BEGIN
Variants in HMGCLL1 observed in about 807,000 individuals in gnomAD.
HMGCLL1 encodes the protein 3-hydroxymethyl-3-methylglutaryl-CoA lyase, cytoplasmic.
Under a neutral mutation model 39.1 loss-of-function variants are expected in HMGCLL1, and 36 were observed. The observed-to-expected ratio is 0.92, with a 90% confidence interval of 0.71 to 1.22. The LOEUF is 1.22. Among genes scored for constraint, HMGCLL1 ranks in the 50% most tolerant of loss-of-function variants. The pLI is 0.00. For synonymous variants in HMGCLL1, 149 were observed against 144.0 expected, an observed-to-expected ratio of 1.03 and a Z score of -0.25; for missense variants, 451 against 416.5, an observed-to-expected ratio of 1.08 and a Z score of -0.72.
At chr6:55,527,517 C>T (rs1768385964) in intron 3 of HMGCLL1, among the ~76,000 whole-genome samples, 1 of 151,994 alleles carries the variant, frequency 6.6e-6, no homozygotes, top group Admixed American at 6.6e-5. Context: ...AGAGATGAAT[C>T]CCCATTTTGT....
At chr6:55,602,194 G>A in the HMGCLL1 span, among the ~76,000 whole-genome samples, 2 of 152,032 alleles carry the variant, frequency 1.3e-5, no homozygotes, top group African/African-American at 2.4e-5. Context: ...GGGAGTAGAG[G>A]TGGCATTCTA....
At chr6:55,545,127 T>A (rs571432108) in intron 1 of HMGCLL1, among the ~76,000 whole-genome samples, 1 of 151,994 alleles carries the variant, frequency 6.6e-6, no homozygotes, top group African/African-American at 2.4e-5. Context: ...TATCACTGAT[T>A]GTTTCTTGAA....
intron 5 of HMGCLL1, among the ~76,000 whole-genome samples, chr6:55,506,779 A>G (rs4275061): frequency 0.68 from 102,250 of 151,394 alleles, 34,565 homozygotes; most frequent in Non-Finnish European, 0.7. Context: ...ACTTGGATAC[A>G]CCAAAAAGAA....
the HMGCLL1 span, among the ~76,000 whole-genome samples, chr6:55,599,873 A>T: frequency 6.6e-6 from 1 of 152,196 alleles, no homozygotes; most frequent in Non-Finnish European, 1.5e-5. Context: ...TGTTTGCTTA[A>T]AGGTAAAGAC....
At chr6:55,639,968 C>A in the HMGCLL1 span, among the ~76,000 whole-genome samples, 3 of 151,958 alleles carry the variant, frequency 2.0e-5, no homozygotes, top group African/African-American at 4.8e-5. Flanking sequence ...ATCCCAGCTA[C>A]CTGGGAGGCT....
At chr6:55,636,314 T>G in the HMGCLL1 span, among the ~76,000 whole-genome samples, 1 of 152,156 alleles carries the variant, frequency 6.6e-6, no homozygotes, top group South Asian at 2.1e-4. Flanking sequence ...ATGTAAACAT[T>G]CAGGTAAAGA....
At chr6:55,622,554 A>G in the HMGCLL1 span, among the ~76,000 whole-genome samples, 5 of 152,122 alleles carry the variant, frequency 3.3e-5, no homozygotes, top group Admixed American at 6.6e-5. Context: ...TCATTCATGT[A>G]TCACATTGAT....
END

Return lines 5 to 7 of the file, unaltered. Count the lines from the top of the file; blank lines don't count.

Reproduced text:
At chr6:55,602,194 G>A in the HMGCLL1 span, among the ~76,000 whole-genome samples, 2 of 152,032 alleles carry the variant, frequency 1.3e-5, no homozygotes, top group African/African-American at 2.4e-5. Context: ...GGGAGTAGAG[G>A]TGGCATTCTA....
At chr6:55,545,127 T>A (rs571432108) in intron 1 of HMGCLL1, among the ~76,000 whole-genome samples, 1 of 151,994 alleles carries the variant, frequency 6.6e-6, no homozygotes, top group African/African-American at 2.4e-5. Context: ...TATCACTGAT[T>A]GTTTCTTGAA....
intron 5 of HMGCLL1, among the ~76,000 whole-genome samples, chr6:55,506,779 A>G (rs4275061): frequency 0.68 from 102,250 of 151,394 alleles, 34,565 homozygotes; most frequent in Non-Finnish European, 0.7. Context: ...ACTTGGATAC[A>G]CCAAAAAGAA....